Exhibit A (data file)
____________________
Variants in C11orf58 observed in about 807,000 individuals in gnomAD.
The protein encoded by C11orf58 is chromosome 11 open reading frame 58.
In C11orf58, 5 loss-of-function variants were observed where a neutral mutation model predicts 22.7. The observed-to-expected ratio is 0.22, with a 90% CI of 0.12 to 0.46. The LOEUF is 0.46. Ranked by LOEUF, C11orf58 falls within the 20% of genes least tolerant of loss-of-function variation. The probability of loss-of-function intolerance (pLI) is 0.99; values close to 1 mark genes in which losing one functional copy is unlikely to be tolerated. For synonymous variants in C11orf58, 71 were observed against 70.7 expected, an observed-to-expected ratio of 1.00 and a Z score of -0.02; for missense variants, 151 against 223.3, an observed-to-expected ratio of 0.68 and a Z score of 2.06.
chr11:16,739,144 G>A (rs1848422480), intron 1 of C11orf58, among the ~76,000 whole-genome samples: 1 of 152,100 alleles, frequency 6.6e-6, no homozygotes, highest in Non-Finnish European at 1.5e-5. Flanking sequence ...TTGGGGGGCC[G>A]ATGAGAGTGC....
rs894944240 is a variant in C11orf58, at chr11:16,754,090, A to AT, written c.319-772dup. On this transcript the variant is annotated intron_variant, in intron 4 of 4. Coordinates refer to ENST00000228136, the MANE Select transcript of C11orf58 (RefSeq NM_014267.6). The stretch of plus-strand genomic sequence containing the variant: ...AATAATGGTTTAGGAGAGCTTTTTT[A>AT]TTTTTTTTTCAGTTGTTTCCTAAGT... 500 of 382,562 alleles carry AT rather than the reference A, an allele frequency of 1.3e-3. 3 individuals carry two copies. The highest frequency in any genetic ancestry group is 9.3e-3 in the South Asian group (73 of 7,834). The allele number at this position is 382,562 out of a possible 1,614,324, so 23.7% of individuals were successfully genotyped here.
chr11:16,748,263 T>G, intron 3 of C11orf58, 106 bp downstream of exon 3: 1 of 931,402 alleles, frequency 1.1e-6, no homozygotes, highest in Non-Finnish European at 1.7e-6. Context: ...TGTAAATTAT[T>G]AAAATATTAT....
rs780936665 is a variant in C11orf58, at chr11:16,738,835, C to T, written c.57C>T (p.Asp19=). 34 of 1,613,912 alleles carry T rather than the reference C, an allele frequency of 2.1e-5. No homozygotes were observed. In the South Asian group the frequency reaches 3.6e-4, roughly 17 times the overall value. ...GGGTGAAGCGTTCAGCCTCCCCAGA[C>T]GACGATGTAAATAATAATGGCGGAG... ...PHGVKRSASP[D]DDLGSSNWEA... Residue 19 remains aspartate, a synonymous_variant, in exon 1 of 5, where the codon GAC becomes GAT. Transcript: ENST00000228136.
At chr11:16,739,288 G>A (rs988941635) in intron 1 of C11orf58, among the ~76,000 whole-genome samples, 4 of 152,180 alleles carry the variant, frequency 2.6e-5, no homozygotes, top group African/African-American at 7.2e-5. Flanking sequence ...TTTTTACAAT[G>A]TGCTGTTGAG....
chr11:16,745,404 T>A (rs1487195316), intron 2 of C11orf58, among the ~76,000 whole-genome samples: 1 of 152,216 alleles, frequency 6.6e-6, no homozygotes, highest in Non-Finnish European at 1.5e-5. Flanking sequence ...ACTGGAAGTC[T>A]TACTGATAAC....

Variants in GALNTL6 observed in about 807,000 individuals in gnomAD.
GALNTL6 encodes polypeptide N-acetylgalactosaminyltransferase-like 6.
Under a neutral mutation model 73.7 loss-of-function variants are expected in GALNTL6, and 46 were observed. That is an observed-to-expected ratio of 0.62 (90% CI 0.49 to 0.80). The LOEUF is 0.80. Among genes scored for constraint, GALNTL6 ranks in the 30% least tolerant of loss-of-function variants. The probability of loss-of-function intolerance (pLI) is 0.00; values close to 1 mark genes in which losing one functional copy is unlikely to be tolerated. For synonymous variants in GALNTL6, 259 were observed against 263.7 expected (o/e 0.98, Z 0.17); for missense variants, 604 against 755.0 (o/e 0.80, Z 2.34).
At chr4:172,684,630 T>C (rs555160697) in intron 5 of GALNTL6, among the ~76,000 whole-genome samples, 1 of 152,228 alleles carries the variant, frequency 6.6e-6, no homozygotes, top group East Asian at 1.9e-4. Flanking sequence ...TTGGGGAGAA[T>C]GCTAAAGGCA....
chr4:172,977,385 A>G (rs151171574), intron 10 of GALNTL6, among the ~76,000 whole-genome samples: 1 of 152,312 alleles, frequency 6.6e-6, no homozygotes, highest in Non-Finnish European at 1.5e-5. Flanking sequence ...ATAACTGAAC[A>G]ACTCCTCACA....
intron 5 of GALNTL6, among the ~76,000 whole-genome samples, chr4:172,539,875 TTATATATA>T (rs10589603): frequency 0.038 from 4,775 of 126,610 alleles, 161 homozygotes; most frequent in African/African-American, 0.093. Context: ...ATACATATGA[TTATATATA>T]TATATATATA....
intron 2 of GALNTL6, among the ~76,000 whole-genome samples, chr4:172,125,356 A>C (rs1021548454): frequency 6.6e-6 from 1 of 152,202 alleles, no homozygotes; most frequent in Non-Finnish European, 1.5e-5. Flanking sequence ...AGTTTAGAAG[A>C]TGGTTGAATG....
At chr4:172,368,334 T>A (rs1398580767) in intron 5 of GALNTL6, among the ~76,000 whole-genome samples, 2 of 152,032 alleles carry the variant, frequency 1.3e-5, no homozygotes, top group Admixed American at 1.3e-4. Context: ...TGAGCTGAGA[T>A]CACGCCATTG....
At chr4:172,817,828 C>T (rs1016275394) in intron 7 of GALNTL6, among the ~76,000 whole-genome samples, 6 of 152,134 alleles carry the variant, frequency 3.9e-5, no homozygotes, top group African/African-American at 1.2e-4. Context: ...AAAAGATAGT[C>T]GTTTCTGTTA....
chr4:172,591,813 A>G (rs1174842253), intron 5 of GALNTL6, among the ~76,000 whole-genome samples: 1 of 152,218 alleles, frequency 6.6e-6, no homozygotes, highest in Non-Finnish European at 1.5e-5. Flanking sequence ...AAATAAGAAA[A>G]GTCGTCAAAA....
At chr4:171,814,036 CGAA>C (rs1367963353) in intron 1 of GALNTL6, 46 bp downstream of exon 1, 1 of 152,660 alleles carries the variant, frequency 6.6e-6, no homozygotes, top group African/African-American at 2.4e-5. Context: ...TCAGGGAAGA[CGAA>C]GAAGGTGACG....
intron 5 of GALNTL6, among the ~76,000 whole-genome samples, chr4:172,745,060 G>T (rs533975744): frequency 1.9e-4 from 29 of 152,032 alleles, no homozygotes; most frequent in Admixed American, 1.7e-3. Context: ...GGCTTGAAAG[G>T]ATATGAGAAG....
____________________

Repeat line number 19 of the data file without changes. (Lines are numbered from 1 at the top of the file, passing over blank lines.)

chr4:172,591,813 A>G (rs1174842253), intron 5 of GALNTL6, among the ~76,000 whole-genome samples: 1 of 152,218 alleles, frequency 6.6e-6, no homozygotes, highest in Non-Finnish European at 1.5e-5. Flanking sequence ...AAATAAGAAA[A>G]GTCGTCAAAA....